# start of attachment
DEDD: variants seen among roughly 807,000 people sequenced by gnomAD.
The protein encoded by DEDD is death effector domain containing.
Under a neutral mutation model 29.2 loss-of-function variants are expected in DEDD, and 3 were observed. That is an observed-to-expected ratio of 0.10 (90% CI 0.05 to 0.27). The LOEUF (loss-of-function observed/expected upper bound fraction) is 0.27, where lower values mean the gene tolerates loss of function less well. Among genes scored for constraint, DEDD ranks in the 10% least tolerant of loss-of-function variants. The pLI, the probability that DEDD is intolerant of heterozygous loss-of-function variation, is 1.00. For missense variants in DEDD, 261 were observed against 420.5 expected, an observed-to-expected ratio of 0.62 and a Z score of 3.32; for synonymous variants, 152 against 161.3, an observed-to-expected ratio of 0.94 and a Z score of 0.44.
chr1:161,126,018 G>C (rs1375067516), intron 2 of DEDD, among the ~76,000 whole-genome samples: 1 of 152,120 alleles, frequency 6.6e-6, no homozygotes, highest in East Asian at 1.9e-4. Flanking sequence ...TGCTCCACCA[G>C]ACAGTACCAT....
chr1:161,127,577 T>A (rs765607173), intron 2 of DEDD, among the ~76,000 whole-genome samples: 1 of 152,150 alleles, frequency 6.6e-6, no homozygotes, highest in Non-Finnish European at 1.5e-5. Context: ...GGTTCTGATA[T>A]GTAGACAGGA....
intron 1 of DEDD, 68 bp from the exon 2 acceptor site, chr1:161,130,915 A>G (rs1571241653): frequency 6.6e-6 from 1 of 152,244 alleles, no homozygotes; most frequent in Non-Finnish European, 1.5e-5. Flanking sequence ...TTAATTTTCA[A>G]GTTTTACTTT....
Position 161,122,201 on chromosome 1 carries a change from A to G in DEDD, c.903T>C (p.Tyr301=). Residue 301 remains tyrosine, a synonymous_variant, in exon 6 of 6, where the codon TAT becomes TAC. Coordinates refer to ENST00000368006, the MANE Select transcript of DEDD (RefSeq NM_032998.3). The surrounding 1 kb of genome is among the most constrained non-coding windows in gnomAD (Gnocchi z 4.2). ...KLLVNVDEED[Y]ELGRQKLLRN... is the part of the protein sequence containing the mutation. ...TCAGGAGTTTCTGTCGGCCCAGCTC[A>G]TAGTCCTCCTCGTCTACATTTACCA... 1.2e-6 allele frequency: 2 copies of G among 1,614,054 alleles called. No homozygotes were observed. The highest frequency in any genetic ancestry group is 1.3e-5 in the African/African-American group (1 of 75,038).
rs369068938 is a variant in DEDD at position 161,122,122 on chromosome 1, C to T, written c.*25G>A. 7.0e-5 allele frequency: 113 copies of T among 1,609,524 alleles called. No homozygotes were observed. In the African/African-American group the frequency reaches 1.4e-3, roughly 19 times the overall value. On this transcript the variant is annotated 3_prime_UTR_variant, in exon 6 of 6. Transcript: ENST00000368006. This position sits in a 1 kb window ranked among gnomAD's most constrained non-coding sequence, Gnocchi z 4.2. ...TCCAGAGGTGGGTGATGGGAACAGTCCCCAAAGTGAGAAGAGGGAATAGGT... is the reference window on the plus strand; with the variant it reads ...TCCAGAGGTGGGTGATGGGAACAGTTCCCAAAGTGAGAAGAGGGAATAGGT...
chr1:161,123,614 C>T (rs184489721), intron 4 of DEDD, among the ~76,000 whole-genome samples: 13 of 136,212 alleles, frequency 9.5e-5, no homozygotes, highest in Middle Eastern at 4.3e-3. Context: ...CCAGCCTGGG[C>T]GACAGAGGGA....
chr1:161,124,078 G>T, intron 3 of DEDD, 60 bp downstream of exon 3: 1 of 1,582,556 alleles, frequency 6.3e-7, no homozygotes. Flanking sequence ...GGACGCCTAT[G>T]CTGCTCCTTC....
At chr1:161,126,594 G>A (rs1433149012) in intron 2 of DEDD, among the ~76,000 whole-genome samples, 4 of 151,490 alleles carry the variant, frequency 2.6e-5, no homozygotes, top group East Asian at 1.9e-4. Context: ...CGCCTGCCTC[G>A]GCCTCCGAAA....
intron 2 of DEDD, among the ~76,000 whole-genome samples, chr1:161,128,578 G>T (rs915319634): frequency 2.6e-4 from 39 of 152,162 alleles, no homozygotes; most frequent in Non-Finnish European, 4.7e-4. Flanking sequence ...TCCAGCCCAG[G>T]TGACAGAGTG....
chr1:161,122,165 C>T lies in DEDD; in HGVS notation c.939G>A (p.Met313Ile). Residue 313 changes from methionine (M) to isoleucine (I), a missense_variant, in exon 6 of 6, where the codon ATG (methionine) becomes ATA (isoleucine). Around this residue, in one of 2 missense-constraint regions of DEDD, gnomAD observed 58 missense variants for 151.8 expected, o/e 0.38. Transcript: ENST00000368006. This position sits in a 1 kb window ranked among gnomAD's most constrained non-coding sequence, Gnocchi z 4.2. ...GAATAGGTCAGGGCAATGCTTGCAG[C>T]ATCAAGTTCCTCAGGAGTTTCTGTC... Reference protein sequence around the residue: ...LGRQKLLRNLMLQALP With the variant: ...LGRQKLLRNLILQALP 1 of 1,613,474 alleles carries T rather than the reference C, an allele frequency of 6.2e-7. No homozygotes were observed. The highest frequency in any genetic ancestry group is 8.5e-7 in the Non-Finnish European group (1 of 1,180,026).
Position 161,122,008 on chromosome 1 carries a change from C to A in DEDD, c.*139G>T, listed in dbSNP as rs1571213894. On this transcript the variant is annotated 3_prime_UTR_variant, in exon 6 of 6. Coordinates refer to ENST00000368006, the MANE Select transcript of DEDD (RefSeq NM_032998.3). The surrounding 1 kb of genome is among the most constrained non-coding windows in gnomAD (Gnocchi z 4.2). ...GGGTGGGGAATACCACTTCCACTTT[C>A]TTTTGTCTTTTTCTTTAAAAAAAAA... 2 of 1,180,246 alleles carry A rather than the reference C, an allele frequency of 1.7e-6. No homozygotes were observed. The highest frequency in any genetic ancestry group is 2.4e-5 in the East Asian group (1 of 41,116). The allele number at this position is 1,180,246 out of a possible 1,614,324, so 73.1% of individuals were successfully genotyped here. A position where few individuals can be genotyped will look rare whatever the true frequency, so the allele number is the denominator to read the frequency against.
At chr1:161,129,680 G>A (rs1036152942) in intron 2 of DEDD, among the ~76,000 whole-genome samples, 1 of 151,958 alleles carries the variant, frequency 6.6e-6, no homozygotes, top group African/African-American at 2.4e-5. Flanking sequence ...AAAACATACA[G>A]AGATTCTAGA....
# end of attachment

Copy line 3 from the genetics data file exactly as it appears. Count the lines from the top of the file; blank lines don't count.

Under a neutral mutation model 29.2 loss-of-function variants are expected in DEDD, and 3 were observed. That is an observed-to-expected ratio of 0.10 (90% CI 0.05 to 0.27). The LOEUF (loss-of-function observed/expected upper bound fraction) is 0.27, where lower values mean the gene tolerates loss of function less well. Among genes scored for constraint, DEDD ranks in the 10% least tolerant of loss-of-function variants. The pLI, the probability that DEDD is intolerant of heterozygous loss-of-function variation, is 1.00. For missense variants in DEDD, 261 were observed against 420.5 expected, an observed-to-expected ratio of 0.62 and a Z score of 3.32; for synonymous variants, 152 against 161.3, an observed-to-expected ratio of 0.94 and a Z score of 0.44.